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Deficit spending isn't limitless, but it isn't constrained...

WITH 28 YEARS' experience in global financial market, Marshall Auerback has been an advisor to bond-fund giant Pimco and hedge-fund RAB Capital amongst others.

Now a senior fellow at the Roosevelt Institute, Marshall Auerback is corporate spokesman and a director at the Toronto-based Pinetree Capital. A "hedge fund economist", he believes the Gold Price is likely to remain rangebound in 2011, as he tells The Gold Report here. But – longer-term – the return of "casino capitalism" is setting the stage for new financial bubbles...

The Gold Report: Marshall, let's talk macroeconomics. You, like economist Warren Mosler, believe that government spending is not limited to how much a government can tax the population or borrow. Essentially, you believe government spending is limitless and that deficit spending ultimately creates jobs. Please explain how that works.

Marshall Auerback: That's a slight mischaracterization of our position. It's not so much that people like Warren, myself or some of these so-called "hedge fund" economists like Randall Wray or Jan Kregel, say deficit spending is limitless; we say deficit spending is not operationally constrained by any external or financial constraints.

We don't exist under a Gold Standard. Under the Gold Standard, your spending was limited by the gold in your central bank. If you started running low on gold, then the gold would start to leave the country. Interest rates would rise to attract additional gold inflows whilst higher interest rates would slow down domestic economic activity and thereby prevent overheating. Effectively, it would become a self-correcting mechanism.

That sounds wonderful except that it didn't deal adequately with the huge demand shocks of the sort that we had in 2008, the Great Depression in the 1930s, or several of the depressions that we had during the 19th century. Whereas, as far as government deficits go today, what we argue is that there are no financial constraints – there is a real resource constraint. In other words, inflation is the ultimate constraint.

We shouldn't be constructing fiscal policy with some sort of vague, undefined notion that it's fiscally sustainable. Nor should we define "fiscal sustainability" via some arbitrary number as Kenneth Rogoff and Carmen Reinhart have done in their recent book, This Time Is Different: Eight Centuries of Financial Folly, wherein they say if a debt-to-GDP ratio gets above 90%, then bad things start to happen. That's not an accurate way to look at it because you have to consider the economic context and the institutional arrangements governing the economy. A pure fiat currency regime, as we have in the US or Canada, for example, is vastly different than a country that operates a currency peg system, such as Latvia or Argentina in the 1990s.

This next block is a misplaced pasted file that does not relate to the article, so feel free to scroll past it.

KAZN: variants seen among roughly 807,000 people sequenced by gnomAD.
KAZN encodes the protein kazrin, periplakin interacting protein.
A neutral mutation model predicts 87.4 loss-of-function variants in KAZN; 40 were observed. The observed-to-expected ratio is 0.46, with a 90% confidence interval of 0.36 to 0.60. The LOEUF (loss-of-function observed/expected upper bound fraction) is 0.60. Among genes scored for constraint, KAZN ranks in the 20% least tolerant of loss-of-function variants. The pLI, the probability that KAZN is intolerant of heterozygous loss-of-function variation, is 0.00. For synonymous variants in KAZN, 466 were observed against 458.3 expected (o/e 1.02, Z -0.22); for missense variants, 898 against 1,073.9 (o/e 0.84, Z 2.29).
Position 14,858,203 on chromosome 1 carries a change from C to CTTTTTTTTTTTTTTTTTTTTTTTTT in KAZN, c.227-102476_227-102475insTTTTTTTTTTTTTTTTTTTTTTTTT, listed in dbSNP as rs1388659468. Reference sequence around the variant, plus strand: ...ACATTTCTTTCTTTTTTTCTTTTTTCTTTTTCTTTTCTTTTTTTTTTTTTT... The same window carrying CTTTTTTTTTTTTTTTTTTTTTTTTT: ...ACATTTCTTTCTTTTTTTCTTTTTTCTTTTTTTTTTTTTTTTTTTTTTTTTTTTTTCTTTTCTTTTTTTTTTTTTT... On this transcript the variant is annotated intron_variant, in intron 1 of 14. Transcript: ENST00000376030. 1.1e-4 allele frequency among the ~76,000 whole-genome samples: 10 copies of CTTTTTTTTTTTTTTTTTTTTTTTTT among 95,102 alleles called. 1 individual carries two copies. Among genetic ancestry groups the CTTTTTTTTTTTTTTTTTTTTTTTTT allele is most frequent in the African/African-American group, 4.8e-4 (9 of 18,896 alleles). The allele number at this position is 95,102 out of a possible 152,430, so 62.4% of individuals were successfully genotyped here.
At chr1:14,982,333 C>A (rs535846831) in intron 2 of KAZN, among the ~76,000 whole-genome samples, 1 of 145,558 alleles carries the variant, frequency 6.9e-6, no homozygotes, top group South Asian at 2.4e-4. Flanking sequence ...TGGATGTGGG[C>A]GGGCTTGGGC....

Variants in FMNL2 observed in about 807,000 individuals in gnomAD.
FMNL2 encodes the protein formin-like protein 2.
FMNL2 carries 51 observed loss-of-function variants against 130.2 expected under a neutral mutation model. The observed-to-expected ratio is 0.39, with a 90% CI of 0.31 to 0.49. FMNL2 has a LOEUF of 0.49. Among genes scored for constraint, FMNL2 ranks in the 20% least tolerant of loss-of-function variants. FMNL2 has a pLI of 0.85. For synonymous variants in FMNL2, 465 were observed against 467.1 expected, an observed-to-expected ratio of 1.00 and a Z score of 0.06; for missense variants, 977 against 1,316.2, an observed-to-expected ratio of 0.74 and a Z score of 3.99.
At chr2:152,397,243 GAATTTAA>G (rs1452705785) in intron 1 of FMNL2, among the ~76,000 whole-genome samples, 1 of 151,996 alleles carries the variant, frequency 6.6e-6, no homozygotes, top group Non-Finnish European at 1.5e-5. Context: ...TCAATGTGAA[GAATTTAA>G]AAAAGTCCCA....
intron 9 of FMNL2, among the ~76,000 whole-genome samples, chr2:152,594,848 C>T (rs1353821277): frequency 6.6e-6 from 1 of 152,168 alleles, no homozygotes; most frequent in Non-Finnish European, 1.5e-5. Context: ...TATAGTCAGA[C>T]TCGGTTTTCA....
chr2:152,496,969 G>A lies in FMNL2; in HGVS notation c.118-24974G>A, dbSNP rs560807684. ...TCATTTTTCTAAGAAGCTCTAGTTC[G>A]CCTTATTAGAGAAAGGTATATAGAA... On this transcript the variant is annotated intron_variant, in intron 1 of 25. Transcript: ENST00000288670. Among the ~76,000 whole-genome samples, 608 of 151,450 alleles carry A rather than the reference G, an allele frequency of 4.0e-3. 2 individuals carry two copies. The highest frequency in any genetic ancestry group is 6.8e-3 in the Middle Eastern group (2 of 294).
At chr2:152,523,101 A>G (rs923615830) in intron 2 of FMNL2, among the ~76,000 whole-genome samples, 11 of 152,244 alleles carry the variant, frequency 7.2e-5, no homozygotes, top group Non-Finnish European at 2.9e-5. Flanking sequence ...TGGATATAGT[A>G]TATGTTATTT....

The US also experienced six periods of depression that began in 1819, 1837, 1857, 1873, 1893 and 1929.Therefore, every significant reduction of the outstanding debt, with the exception of the Clinton surpluses, has been followed by a depression; and every depression has been preceded by significant debt reduction. The Clinton surplus was followed by the Bush recession – a speculative private debt-fueled euphoria – then the collapse wherein we now find ourselves.

The jury is still out on whether we might yet suffer another great depression. While I cannot rule out coincidences, seven surpluses followed by six and a half depressions (with some possibility for making it the perfect seven) should raise some eyebrows. And, our less serious downturns in the postwar period have almost always been preceded by reductions of federal budget deficits. This brings me back to an obvious point: the federal government is big – especially since WWII – and movements of its budget position have a big impact on the economy. That's the point we are trying to make.

Under the type of regime we have in Canada or the US, there is no inherent reason why any level of government spending should be fiscally unsustainable over a longer period. You have to look at the economic context; clearly, you shouldn't have deficits of the magnitude you have now when you have unemployment down at, say, at 3% or 4%, or if you've got a capacity-realization rate close to 90% or 95%.

Clearly, in these circumstances government spending should be reined in. In fact, it will be because tax revenues rise sharply, social welfare expenditures come down and deficits tend toward balance. This is exactly what happened during the 1990s. However, what we're seeing right now is that the private sector has demonstrated a large propensity to save and deleverage. That decision, in many respects, can be facilitated by the government running larger budget deficits. Absent that, you get 1930s-style debt deflation.

We also tend not to view government spending in isolation the way a lot of people do, but rather on a stock-flow, sectoral-balances approach. If you want government spending decreased, where are you going to get the offset? In other words, is the current account going to move into surplus (as is the case in Asia, for example), or are you going to start seeing private debt increase? Those are the kinds of variables one has to examine.

I think that the real central flaw in most macroeconomic analysis is it doesn't incorporate these sorts of accounting flows when considering government spending. Therefore, you get all sorts of misconceived policy approaches like you have right now across the globe.

TGR: Isn't your approach somewhat counterintuitive?